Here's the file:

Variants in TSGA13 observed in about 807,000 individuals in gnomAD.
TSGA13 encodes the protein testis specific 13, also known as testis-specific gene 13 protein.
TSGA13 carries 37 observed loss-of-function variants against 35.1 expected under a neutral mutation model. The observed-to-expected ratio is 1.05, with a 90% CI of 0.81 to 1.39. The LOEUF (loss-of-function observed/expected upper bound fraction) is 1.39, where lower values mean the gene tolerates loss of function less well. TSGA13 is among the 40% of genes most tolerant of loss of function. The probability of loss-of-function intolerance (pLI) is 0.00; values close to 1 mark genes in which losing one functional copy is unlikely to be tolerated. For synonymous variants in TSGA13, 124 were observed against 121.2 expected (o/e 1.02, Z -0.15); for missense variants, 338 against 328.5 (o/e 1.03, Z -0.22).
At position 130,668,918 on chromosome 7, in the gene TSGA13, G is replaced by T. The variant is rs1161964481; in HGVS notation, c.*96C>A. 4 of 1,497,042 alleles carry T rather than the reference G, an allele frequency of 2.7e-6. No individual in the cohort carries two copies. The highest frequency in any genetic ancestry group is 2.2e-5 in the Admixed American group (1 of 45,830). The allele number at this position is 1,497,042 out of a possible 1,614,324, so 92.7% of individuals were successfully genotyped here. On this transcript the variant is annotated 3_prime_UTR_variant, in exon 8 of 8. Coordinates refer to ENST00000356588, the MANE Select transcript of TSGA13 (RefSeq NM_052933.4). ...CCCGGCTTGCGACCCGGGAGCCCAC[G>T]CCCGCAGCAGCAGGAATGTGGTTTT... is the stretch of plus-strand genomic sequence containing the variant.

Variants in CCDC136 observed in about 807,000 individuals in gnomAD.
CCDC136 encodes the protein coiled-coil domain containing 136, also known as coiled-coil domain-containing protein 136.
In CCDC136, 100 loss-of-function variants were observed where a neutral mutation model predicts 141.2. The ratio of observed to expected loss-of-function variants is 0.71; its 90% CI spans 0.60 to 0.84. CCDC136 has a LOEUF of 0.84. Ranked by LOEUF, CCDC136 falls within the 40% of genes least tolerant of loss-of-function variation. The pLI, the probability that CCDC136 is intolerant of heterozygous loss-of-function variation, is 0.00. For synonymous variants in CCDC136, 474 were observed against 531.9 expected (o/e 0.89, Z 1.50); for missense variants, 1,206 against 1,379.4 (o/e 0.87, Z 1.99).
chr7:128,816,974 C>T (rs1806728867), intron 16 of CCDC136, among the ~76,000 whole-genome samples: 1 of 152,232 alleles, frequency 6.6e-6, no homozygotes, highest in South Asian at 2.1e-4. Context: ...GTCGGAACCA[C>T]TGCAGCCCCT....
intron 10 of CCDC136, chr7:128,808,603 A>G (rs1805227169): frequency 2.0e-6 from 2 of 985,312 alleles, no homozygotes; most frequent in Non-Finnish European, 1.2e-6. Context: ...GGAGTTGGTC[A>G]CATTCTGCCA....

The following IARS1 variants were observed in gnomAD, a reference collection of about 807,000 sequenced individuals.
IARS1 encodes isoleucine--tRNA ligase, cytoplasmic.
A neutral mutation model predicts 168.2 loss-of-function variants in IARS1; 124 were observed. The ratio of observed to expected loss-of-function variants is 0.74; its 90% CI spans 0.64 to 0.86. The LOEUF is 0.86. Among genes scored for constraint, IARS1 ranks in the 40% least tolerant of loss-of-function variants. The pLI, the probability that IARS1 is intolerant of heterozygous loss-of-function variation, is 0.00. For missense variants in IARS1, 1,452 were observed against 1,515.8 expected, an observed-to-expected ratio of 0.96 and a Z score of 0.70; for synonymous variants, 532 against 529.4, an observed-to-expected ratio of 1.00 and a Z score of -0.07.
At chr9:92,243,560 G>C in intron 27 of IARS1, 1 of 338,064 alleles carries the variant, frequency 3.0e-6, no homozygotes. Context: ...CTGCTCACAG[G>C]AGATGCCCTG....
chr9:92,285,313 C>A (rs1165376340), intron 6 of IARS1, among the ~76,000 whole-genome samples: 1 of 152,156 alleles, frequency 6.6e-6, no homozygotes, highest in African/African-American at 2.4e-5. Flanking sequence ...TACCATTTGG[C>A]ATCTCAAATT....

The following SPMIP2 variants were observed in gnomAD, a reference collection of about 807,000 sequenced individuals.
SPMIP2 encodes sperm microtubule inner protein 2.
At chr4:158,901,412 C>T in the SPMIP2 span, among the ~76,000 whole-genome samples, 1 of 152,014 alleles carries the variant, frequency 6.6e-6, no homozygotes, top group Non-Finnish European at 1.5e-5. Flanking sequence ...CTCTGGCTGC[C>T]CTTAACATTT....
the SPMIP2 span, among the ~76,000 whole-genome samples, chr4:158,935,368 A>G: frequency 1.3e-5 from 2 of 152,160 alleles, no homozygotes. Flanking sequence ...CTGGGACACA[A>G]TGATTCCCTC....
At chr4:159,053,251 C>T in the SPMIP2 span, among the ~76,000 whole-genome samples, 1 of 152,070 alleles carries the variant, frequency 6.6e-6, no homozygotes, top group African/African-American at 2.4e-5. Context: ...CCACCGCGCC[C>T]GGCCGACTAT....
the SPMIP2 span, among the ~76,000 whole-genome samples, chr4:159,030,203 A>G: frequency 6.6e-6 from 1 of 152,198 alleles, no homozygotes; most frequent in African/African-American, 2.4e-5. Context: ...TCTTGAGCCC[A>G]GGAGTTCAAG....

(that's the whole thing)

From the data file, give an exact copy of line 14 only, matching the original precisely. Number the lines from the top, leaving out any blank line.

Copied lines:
chr9:92,285,313 C>A (rs1165376340), intron 6 of IARS1, among the ~76,000 whole-genome samples: 1 of 152,156 alleles, frequency 6.6e-6, no homozygotes, highest in African/African-American at 2.4e-5. Flanking sequence ...TACCATTTGG[C>A]ATCTCAAATT....